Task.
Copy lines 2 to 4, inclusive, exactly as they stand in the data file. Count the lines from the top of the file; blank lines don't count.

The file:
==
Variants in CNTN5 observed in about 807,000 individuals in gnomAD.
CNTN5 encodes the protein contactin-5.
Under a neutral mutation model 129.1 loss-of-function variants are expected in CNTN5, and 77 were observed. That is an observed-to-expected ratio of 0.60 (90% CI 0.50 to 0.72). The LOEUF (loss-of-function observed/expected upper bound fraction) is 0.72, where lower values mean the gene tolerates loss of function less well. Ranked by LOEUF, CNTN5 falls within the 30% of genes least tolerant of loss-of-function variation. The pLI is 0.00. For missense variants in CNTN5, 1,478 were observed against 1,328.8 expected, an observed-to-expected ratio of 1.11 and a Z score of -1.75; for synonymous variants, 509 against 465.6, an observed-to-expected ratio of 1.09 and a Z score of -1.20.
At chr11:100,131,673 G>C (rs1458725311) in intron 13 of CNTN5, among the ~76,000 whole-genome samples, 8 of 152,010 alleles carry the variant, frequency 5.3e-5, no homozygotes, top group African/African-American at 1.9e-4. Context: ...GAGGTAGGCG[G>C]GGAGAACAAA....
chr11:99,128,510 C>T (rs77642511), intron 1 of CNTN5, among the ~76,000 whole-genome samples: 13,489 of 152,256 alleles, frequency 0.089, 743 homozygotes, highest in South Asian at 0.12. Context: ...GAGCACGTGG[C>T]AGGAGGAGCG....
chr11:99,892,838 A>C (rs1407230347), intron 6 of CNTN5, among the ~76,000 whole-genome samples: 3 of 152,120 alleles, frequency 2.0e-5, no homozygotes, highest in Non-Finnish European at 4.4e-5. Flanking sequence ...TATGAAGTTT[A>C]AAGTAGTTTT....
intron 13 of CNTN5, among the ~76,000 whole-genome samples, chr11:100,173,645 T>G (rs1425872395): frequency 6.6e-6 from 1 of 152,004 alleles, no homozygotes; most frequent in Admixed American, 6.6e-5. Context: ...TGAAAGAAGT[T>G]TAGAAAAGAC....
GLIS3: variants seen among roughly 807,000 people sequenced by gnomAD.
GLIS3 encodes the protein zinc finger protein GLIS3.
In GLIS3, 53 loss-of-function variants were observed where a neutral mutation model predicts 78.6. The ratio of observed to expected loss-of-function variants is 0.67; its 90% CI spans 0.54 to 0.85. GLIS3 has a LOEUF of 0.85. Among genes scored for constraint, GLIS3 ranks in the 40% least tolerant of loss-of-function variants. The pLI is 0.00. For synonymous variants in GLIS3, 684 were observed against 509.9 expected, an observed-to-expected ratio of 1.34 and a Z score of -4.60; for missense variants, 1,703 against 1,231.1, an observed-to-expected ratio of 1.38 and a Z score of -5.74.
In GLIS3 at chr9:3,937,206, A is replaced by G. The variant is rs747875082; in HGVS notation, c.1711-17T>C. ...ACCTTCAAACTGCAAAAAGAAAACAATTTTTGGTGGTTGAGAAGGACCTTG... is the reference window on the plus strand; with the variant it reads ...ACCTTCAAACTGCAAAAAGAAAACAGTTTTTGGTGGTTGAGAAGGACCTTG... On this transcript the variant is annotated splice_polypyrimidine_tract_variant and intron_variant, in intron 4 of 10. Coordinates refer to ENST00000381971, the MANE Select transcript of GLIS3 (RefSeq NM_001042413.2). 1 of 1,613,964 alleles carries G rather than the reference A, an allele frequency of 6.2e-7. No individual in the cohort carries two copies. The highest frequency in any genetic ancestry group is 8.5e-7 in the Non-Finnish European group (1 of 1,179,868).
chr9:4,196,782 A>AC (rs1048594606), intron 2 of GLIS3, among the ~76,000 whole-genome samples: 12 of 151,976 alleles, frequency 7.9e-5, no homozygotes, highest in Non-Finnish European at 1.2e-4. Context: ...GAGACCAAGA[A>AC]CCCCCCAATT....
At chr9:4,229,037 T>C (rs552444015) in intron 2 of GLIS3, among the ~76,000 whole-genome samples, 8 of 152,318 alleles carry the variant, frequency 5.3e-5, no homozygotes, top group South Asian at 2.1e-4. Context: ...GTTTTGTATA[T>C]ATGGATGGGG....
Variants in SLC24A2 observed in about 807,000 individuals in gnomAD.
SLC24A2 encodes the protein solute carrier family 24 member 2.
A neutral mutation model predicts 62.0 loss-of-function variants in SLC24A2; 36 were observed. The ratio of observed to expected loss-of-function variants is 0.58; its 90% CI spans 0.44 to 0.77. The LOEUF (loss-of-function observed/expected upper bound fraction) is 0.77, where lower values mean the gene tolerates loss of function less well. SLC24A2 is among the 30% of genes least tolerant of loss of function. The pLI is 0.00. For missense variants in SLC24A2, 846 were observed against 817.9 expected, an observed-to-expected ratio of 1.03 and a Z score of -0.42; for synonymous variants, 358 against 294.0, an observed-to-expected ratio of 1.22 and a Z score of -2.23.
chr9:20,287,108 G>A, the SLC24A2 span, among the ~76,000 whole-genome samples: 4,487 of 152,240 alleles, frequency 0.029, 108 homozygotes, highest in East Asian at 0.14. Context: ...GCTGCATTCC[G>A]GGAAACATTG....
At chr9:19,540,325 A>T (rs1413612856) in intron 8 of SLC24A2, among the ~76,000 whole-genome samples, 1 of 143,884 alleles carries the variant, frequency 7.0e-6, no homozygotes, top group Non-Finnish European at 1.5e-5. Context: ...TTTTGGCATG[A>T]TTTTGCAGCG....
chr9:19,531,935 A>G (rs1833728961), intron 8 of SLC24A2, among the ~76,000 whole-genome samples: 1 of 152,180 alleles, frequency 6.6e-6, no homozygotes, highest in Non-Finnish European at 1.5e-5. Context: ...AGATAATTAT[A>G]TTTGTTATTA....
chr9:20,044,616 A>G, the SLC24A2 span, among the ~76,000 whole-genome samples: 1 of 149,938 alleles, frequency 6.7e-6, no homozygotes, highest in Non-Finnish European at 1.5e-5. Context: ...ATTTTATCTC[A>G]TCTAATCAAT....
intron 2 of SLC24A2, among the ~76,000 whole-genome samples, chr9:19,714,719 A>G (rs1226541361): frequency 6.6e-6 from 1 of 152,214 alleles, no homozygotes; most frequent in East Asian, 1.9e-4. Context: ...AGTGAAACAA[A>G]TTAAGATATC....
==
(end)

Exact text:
CNTN5 encodes the protein contactin-5.
Under a neutral mutation model 129.1 loss-of-function variants are expected in CNTN5, and 77 were observed. That is an observed-to-expected ratio of 0.60 (90% CI 0.50 to 0.72). The LOEUF (loss-of-function observed/expected upper bound fraction) is 0.72, where lower values mean the gene tolerates loss of function less well. Ranked by LOEUF, CNTN5 falls within the 30% of genes least tolerant of loss-of-function variation. The pLI is 0.00. For missense variants in CNTN5, 1,478 were observed against 1,328.8 expected, an observed-to-expected ratio of 1.11 and a Z score of -1.75; for synonymous variants, 509 against 465.6, an observed-to-expected ratio of 1.09 and a Z score of -1.20.
At chr11:100,131,673 G>C (rs1458725311) in intron 13 of CNTN5, among the ~76,000 whole-genome samples, 8 of 152,010 alleles carry the variant, frequency 5.3e-5, no homozygotes, top group African/African-American at 1.9e-4. Context: ...GAGGTAGGCG[G>C]GGAGAACAAA....